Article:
‘You never know when it’s going to end’: What it’s like to be one of Akron’s 452 homeless teens
y Noor Hindi
Sony headphones hang around Jamal’s neck when he walks in. He smiles big. When I ask him what he wants to do after graduation, he perks up.
“Actually, I want to be a lawyer. I’ve always been a good debater and good at thinking on my feet,” he says. He begins listing his school activities, which include DECA, which is a program that prepares students for careers in marketing, management, finance and entrepreneurship. He enjoys basketball and plays the trumpet.
When I ask how it felt being evicted, his posture tightens. His hazel eyes, which were animated moments earlier by talk of his future, have lost their spark. His tall, slim legs nervously shake. He stops meeting my eyes.
“It was really hard. There were times I’d just sit in class with a blank stare, just thinking like ‘What next?’ It was weird. It was scary.”
Debra Manteghi is the Homeless Education Liaison and Project Manager for Project RISE (Realizing Individual Strength through Education), where she has worked for 17 years. She says 1,752 homeless youth like Jamal were identified in Akron last year, and the numbers keep growing.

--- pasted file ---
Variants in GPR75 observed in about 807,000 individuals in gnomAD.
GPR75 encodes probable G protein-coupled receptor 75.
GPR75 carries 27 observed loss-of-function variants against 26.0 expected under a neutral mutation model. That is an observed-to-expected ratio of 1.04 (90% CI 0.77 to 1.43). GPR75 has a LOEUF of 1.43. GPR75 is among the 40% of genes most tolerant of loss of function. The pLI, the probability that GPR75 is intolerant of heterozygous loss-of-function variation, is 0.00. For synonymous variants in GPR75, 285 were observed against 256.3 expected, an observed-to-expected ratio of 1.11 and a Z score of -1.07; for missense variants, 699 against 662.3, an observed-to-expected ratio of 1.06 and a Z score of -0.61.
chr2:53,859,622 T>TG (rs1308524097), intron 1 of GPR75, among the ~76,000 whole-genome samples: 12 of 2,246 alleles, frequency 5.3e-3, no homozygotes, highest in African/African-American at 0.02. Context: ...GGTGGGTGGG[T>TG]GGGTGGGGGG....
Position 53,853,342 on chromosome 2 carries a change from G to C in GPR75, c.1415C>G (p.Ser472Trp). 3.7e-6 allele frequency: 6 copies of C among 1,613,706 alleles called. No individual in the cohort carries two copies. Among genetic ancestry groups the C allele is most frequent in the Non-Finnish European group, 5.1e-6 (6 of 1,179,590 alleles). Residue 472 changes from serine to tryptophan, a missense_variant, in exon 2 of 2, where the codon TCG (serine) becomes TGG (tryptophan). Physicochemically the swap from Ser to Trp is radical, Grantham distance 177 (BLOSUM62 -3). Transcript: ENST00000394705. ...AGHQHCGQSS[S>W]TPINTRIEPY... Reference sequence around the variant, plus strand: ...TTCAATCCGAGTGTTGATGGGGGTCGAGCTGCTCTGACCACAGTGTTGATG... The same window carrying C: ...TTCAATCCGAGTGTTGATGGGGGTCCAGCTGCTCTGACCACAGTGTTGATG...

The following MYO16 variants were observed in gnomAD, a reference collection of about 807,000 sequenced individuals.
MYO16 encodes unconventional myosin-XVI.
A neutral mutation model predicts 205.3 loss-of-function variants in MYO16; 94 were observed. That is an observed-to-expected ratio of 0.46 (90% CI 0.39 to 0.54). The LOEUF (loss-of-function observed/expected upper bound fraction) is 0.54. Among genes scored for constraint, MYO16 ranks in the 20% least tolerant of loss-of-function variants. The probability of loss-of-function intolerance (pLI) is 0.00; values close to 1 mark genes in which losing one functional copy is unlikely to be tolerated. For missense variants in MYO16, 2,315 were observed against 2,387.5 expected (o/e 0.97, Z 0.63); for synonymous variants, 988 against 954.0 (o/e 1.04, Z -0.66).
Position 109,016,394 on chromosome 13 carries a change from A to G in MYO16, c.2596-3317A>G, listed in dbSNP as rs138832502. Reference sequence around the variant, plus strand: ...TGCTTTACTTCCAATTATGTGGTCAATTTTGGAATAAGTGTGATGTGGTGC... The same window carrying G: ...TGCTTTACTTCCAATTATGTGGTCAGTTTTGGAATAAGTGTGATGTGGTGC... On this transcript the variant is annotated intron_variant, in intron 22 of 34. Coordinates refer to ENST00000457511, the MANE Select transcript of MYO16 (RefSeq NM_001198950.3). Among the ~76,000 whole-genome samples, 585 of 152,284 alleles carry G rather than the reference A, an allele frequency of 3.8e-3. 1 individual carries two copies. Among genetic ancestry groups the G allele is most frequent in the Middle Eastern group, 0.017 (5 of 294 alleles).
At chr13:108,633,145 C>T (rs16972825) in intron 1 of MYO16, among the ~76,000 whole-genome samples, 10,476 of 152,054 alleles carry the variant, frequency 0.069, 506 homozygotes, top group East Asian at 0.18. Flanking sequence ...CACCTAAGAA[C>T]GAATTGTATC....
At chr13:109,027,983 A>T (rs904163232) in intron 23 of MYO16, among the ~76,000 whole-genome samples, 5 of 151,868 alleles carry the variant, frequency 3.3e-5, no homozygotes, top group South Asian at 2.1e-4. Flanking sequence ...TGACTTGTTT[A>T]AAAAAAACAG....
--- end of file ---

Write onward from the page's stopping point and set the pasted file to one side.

“Think of yourself as a teenager. What would you be without your parents? Without your home? How would you function?” Manteghi asks.
Surprisingly, she says, teens like Jamal are among the luckiest. Of Akron’s 452 homeless high schoolers, 116 are considered “unaccompanied,” or lacking any parental involvement. Some of these youth get help from a relative, who can sometimes get temporary guardianship. But the reality for young people otherwise on their own can be heartbreaking.
“We have a student living in a tent right now. We’ve had situations where a school counselor will find out that they’re staying in an apartment somewhere, or their car, or they were either couch surfing or staying at an abandoned building,” Manteghi says.